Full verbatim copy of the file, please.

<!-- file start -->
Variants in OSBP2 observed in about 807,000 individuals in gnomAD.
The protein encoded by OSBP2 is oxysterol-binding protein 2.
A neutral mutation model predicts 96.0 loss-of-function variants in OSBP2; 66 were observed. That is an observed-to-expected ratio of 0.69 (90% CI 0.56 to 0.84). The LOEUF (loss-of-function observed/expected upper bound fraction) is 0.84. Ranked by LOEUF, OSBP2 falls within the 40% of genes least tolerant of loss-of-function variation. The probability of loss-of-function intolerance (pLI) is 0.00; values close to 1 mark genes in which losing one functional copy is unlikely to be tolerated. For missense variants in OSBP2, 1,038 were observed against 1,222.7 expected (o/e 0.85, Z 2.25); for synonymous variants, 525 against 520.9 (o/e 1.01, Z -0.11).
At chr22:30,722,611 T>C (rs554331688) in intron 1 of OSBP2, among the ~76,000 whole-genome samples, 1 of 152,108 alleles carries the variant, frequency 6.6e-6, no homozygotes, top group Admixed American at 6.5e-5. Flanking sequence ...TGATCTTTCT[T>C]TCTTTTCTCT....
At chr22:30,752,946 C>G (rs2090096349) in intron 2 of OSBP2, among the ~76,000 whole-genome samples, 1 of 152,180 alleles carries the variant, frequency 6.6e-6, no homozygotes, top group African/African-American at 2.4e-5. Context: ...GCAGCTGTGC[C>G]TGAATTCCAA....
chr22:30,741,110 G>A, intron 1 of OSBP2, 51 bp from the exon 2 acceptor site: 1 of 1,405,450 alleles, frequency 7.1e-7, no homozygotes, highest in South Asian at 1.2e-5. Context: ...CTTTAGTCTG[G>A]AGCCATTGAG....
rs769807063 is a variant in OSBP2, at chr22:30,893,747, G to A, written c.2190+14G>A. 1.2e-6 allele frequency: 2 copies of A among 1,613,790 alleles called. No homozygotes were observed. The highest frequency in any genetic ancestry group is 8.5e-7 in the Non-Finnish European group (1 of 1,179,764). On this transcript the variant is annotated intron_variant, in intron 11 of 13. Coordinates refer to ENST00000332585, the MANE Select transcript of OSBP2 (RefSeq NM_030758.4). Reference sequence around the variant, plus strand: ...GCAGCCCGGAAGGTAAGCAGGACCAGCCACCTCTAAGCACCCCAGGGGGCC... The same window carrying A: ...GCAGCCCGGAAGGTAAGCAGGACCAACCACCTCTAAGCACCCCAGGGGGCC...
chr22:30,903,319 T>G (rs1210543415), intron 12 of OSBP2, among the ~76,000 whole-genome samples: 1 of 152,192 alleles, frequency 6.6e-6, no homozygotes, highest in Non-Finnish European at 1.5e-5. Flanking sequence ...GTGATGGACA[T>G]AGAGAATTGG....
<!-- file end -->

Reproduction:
Variants in OSBP2 observed in about 807,000 individuals in gnomAD.
The protein encoded by OSBP2 is oxysterol-binding protein 2.
A neutral mutation model predicts 96.0 loss-of-function variants in OSBP2; 66 were observed. That is an observed-to-expected ratio of 0.69 (90% CI 0.56 to 0.84). The LOEUF (loss-of-function observed/expected upper bound fraction) is 0.84. Ranked by LOEUF, OSBP2 falls within the 40% of genes least tolerant of loss-of-function variation. The probability of loss-of-function intolerance (pLI) is 0.00; values close to 1 mark genes in which losing one functional copy is unlikely to be tolerated. For missense variants in OSBP2, 1,038 were observed against 1,222.7 expected (o/e 0.85, Z 2.25); for synonymous variants, 525 against 520.9 (o/e 1.01, Z -0.11).
At chr22:30,722,611 T>C (rs554331688) in intron 1 of OSBP2, among the ~76,000 whole-genome samples, 1 of 152,108 alleles carries the variant, frequency 6.6e-6, no homozygotes, top group Admixed American at 6.5e-5. Flanking sequence ...TGATCTTTCT[T>C]TCTTTTCTCT....
At chr22:30,752,946 C>G (rs2090096349) in intron 2 of OSBP2, among the ~76,000 whole-genome samples, 1 of 152,180 alleles carries the variant, frequency 6.6e-6, no homozygotes, top group African/African-American at 2.4e-5. Context: ...GCAGCTGTGC[C>G]TGAATTCCAA....
chr22:30,741,110 G>A, intron 1 of OSBP2, 51 bp from the exon 2 acceptor site: 1 of 1,405,450 alleles, frequency 7.1e-7, no homozygotes, highest in South Asian at 1.2e-5. Context: ...CTTTAGTCTG[G>A]AGCCATTGAG....
rs769807063 is a variant in OSBP2, at chr22:30,893,747, G to A, written c.2190+14G>A. 1.2e-6 allele frequency: 2 copies of A among 1,613,790 alleles called. No homozygotes were observed. The highest frequency in any genetic ancestry group is 8.5e-7 in the Non-Finnish European group (1 of 1,179,764). On this transcript the variant is annotated intron_variant, in intron 11 of 13. Coordinates refer to ENST00000332585, the MANE Select transcript of OSBP2 (RefSeq NM_030758.4). Reference sequence around the variant, plus strand: ...GCAGCCCGGAAGGTAAGCAGGACCAGCCACCTCTAAGCACCCCAGGGGGCC... The same window carrying A: ...GCAGCCCGGAAGGTAAGCAGGACCAACCACCTCTAAGCACCCCAGGGGGCC...
chr22:30,903,319 T>G (rs1210543415), intron 12 of OSBP2, among the ~76,000 whole-genome samples: 1 of 152,192 alleles, frequency 6.6e-6, no homozygotes, highest in Non-Finnish European at 1.5e-5. Flanking sequence ...GTGATGGACA[T>G]AGAGAATTGG....